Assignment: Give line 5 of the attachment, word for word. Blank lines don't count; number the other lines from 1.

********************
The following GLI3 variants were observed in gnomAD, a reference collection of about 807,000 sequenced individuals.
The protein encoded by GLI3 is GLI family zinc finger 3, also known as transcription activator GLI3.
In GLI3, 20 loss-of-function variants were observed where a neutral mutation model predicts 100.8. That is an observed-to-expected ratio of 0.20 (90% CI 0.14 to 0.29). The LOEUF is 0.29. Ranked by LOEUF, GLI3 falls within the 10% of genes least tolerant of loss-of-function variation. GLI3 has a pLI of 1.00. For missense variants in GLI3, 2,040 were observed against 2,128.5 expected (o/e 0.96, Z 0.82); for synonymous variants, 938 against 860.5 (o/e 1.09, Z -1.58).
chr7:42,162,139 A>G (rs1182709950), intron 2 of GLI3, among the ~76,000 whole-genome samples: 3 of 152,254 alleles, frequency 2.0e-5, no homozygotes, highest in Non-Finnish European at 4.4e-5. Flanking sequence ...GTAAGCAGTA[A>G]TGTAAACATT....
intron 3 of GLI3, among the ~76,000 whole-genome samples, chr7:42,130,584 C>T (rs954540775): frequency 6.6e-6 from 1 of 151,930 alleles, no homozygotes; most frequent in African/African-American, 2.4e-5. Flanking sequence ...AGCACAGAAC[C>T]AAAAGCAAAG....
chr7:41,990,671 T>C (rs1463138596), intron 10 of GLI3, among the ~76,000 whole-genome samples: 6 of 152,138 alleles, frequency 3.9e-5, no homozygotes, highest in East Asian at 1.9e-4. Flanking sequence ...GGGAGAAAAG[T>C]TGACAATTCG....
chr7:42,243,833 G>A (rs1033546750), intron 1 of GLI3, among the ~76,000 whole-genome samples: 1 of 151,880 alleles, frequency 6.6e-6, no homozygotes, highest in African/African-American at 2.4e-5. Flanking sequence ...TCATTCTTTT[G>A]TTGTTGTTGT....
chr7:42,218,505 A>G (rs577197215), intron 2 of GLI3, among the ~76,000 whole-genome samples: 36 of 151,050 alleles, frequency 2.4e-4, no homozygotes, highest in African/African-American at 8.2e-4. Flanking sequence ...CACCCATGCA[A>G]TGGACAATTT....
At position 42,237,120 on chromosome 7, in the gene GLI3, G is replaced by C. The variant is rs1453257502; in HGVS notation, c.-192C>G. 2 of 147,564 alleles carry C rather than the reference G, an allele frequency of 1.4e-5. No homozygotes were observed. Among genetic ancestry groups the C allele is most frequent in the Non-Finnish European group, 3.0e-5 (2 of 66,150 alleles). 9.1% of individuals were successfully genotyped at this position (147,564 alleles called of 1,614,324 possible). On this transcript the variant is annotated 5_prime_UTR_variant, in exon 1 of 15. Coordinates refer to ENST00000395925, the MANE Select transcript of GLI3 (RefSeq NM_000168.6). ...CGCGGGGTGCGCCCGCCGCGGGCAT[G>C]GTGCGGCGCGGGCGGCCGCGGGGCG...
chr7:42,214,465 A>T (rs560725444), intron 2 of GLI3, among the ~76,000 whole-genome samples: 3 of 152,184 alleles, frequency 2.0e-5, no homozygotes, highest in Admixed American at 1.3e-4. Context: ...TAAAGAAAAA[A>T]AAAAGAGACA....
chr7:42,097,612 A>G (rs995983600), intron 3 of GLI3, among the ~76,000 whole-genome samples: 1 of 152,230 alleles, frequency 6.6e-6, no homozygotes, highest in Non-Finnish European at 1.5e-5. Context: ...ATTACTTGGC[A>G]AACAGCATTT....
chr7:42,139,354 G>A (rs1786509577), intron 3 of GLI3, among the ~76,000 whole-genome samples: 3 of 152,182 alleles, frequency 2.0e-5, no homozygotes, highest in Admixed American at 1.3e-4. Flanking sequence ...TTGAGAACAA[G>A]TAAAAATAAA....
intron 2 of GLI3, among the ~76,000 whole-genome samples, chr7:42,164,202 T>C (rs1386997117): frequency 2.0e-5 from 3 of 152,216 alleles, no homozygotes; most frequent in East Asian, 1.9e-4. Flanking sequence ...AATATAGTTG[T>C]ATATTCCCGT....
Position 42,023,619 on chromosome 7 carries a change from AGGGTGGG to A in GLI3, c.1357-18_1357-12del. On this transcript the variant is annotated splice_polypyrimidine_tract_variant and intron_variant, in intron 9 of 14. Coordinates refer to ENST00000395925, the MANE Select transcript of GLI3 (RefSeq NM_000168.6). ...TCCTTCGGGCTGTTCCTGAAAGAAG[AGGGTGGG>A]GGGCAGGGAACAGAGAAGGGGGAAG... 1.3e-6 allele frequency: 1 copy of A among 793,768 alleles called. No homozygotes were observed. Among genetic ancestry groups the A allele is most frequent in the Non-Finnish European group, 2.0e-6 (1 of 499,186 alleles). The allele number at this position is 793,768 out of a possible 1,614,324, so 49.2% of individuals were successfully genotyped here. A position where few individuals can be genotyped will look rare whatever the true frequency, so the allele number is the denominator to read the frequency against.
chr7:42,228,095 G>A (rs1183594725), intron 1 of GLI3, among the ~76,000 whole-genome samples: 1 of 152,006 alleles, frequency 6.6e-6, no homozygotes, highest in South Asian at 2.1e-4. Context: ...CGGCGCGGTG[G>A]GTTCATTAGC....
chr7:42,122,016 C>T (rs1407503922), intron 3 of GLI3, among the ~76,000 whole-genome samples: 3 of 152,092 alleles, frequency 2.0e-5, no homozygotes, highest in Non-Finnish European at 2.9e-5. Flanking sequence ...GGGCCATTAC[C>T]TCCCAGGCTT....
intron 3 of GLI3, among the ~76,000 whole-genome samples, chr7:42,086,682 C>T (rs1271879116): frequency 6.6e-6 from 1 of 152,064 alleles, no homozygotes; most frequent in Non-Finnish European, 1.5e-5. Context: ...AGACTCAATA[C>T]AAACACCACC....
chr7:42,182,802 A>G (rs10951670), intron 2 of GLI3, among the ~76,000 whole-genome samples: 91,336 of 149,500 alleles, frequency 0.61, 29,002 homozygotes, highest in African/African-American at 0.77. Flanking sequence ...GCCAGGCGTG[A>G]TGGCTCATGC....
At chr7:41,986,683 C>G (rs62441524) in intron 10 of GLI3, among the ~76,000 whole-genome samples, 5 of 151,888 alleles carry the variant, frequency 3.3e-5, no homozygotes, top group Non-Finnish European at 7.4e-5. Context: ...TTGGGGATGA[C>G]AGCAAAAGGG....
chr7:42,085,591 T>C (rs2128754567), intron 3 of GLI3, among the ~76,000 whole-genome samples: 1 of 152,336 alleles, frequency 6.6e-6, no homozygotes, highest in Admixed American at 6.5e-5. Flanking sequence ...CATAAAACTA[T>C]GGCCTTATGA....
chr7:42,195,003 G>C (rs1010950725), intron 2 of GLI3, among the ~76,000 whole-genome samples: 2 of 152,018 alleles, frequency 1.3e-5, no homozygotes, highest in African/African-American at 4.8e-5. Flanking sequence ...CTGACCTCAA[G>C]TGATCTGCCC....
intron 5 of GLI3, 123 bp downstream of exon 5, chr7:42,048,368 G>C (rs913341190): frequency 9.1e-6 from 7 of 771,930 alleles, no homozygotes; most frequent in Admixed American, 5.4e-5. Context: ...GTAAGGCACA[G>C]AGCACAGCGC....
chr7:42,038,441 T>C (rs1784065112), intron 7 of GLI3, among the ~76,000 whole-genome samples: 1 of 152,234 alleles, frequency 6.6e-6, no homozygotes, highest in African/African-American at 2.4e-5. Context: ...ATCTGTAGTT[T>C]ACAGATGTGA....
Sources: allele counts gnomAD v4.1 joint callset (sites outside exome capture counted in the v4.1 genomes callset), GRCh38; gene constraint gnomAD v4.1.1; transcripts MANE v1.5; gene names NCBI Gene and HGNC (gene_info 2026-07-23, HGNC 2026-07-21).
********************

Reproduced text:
intron 3 of GLI3, among the ~76,000 whole-genome samples, chr7:42,130,584 C>T (rs954540775): frequency 6.6e-6 from 1 of 151,930 alleles, no homozygotes; most frequent in African/African-American, 2.4e-5. Flanking sequence ...AGCACAGAAC[C>T]AAAAGCAAAG....